The Republic of Peru is on the west coast of South America, on the South Pacific Ocean. It is bordered by Ecuador, Colombia, Brazil, Bolivia and Chile.
History of Immigration and Settlement
In the late 1960s and early 1970s the Australian government actively recruited single Peruvians through that country’s newspapers, and offered assisted immigration to suitable applicants. Some had economic or personal reasons for wishing to leave Peru, while others came to Australia as refugees. In the late 1960s Peru began to have financial problems, which many blamed on the increasing political and business interests of the United States of America. In 1968 military leaders seized government and formed a junta. By the mid-1970s there was growing dissatisfaction in Peru because members of the armed forces filled all major political positions, leaving civilians with little voice in the government.
Political and economic problems continued in Peru throughout the 1980s. In 1980 a civilian government was elected in Peru, but it was slow to act on the country’s economic ills. Since then, political unrest and uncertainty have been enhanced by fighting between the government and Shining Path, a leftist guerrilla group that has sought control of the country. Despite attempts to alleviate Peru’s economic distress by reducing payments on its foreign debt in the late 1980s, its financial problems have continued. Inflation, widespread poverty and unemployment have caused discontent and prompted emigration.
There has been regular migration from Peru to Australia since 1986. Since 2005, migration has numbered a few hundred each year.
For details about Peruvian community activities and organisations, consult the Latin American entry.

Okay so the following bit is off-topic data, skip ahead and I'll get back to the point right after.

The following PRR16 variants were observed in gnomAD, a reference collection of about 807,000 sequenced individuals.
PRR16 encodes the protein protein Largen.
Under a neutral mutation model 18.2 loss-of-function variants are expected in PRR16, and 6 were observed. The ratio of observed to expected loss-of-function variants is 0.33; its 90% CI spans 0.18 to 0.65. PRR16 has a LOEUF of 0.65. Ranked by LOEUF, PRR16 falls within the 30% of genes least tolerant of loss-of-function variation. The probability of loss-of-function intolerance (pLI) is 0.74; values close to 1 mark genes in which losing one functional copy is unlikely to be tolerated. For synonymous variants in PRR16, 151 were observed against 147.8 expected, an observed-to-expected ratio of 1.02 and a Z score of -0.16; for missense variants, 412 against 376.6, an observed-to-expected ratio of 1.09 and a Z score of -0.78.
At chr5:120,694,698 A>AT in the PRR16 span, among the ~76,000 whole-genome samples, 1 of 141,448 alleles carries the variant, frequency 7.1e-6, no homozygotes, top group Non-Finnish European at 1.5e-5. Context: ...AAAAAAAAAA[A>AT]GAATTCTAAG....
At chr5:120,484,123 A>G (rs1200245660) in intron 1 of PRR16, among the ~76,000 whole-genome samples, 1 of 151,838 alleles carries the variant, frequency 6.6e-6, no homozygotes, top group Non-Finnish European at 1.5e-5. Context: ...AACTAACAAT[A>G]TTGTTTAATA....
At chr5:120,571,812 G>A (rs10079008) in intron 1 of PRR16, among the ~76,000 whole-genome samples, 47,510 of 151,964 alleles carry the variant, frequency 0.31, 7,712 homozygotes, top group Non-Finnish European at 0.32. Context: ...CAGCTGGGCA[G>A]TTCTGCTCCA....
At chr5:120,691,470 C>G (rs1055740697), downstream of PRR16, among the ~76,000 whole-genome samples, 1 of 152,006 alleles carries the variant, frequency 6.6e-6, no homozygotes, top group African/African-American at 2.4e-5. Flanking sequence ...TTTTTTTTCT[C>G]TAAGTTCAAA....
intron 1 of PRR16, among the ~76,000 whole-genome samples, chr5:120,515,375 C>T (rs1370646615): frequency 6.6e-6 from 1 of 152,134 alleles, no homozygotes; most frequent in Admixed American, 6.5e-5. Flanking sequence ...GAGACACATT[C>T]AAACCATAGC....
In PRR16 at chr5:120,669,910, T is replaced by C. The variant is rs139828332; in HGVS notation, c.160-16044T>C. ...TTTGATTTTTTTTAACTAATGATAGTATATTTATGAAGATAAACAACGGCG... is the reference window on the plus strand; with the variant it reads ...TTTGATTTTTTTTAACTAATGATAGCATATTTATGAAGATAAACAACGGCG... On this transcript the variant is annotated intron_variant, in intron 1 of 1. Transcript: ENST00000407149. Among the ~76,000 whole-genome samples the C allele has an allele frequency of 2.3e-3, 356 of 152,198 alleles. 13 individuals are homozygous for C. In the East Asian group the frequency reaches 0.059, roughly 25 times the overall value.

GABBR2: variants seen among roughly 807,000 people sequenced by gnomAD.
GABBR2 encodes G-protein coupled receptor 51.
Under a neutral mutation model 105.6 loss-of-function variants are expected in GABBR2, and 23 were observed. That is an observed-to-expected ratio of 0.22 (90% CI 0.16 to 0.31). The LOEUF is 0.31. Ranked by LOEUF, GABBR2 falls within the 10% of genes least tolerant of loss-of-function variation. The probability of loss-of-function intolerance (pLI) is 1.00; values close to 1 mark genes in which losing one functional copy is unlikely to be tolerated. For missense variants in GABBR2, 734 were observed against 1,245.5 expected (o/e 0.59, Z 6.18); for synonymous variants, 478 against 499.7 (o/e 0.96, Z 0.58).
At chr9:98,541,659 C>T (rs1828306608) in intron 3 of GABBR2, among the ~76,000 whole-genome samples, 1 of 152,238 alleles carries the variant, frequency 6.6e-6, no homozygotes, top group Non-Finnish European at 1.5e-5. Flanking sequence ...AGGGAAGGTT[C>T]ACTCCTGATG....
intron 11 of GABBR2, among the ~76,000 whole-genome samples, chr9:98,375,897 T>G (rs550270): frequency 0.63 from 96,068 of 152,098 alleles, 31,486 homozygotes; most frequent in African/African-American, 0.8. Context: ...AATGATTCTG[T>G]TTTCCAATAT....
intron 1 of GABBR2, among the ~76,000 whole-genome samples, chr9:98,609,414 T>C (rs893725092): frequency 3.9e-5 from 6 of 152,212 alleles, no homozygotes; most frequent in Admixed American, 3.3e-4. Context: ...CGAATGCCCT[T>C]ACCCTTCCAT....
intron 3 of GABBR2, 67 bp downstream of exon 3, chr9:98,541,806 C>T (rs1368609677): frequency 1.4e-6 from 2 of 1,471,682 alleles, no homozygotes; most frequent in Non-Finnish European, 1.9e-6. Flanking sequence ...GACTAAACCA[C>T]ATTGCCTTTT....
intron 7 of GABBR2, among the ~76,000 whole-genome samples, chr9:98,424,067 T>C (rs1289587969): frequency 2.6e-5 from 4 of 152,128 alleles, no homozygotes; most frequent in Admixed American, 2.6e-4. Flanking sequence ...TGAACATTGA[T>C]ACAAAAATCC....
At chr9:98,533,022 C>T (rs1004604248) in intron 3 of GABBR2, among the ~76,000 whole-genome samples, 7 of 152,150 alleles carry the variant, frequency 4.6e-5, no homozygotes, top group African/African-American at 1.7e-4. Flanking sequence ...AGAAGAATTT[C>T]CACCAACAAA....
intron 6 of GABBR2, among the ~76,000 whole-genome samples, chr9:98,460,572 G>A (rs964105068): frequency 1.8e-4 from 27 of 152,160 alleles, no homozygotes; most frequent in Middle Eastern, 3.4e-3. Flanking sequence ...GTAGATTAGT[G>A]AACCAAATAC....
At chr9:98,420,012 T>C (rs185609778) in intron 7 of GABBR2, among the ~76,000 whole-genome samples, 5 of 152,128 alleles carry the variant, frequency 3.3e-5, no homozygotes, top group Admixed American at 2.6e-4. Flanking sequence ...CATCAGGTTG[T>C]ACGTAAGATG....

The 1986 census recorded that there were 57 Peruvian-born South Australians.
According to the 1991 census there were 77 Peruvian-born South Australians. Eighty-nine people said their mothers were born in Peru, and 75 that their fathers were.
According to the 1996 census there were 103 Peruvian-born South Australians, this represented 2.2 per cent of the national distribution of 4889 persons.
The 2001 census recorded 124 Peruvian-born South Australians, while 113 people said that they were of Peruvian descent.
The 2006 census recorded 175 Peruvian-born South Australians, while 189 people said that they were of Peruvian descent.
The 2011 census recorded 290 Peruvian-born South Australians, while 268 people said that they were of Peruvian descent.
The 2016 census recorded 335 Peruvian-born South Australians, while 373 people said that they were of Peruvian descent.
Jupp, J (ed), The Australian People: An Encyclopedia of the Nation, Its People and Their Origins, 2nd Ed., (Cambridge University Press), 2001.
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